4. Structure of his works
Aquinas liked to structure all his thoughts by breaking them into two, and at the most four reasons, to explain any passage in detail. He utilized this structure quite frequently.
His lectures, or in Latin, Reportationes, is also like one long stream of endless words. The sections are very long and do not include any sub-titles or verses. This may be only a problem related to the way the printed edition was typeset and formatted, but it initially appears large and overwhelming.
Aquinas rushes the reader with every sentence and every word. He changes thought very quickly with no segue to the next concept. One paragraph can easily contain 10 or 20 deep, intellectual or complex one-liner ideas that challenge ones Biblical and philosophical familiarity. Consequently, none of his works can be read in one sitting.
Evangelical readers will find Aquinas style and structure very similar to their traditional protestant Bible commentaries.
5. Important key-words in Aquinas’ writings
Aquinas had a strong preoccupation with defining the Christian faith through a classical Greek framework. Therefore, there are certain key-words that must be understood especially in his lectures on I Corinthians. Three of them especially stand-out, intelligo, scio and cognitio. The word intelligo is meant to mean simple understanding of facts, scio is to know something through practice, experience or ability, cognitio is a far more intimate knowledge of a person or thing. It is the Greek equivalent of gnosis which in the Christian tradition is a type of knowledge that changes ones perceptions and decision making processes, resulting in transformation, personal growth and changed behaviour. It is the prime impulse that motivates ones Christian life and witness. This whole subject was dealt with in a previous work, Origen on the Gift of Tongues. Aquinas’ use of Cognitio is interesting because it is used more frequently as noun rather than its verbal form, cognosco. It is a state rather than an action that must be pursued.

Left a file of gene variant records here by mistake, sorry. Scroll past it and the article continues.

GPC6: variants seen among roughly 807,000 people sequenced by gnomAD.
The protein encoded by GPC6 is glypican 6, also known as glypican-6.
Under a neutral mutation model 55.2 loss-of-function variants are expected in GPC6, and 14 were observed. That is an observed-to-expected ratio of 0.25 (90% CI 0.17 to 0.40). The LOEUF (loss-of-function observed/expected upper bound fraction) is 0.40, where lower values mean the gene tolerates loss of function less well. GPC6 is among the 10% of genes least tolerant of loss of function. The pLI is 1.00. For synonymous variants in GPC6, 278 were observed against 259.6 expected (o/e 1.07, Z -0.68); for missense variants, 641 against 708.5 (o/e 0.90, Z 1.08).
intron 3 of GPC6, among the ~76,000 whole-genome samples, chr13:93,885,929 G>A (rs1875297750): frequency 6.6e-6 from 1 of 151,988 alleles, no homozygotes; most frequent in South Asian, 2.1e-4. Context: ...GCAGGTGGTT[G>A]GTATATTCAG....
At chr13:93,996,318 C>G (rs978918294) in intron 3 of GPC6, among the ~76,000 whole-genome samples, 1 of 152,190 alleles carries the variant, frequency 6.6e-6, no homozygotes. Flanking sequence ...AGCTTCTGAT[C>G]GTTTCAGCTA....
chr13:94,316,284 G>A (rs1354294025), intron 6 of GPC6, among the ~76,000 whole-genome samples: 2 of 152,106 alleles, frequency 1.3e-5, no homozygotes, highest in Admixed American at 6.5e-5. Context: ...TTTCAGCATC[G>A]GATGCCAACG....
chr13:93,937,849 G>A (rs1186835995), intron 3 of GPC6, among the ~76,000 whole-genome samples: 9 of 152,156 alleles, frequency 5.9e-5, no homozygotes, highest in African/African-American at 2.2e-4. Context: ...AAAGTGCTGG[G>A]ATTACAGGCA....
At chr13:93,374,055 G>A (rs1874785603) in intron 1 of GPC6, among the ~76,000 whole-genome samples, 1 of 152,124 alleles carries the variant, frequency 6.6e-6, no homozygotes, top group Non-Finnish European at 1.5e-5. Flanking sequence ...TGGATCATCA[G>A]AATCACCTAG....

It is very difficult to translate these nuances to the modern English reader. I don’t think neither myself nor Larcher are entirely successful in rendering this properly to the English reader. It needs more work.
Interpreto, this noun is typically translated as interpreted; which is communicating one language to another. However, Aquinas adds this literal definition with a spiritual sense. He thinks interpretation of divine things, including that of any ecclesiastical tongues, to be the function of the prophet. Interpreto in this mode does not simply mean to interpret language, but requires mental comprehension of a divine infusion. Therefore in the spiritual sense, understanding is sometimes necessary to use as English equivalent rather than interpret.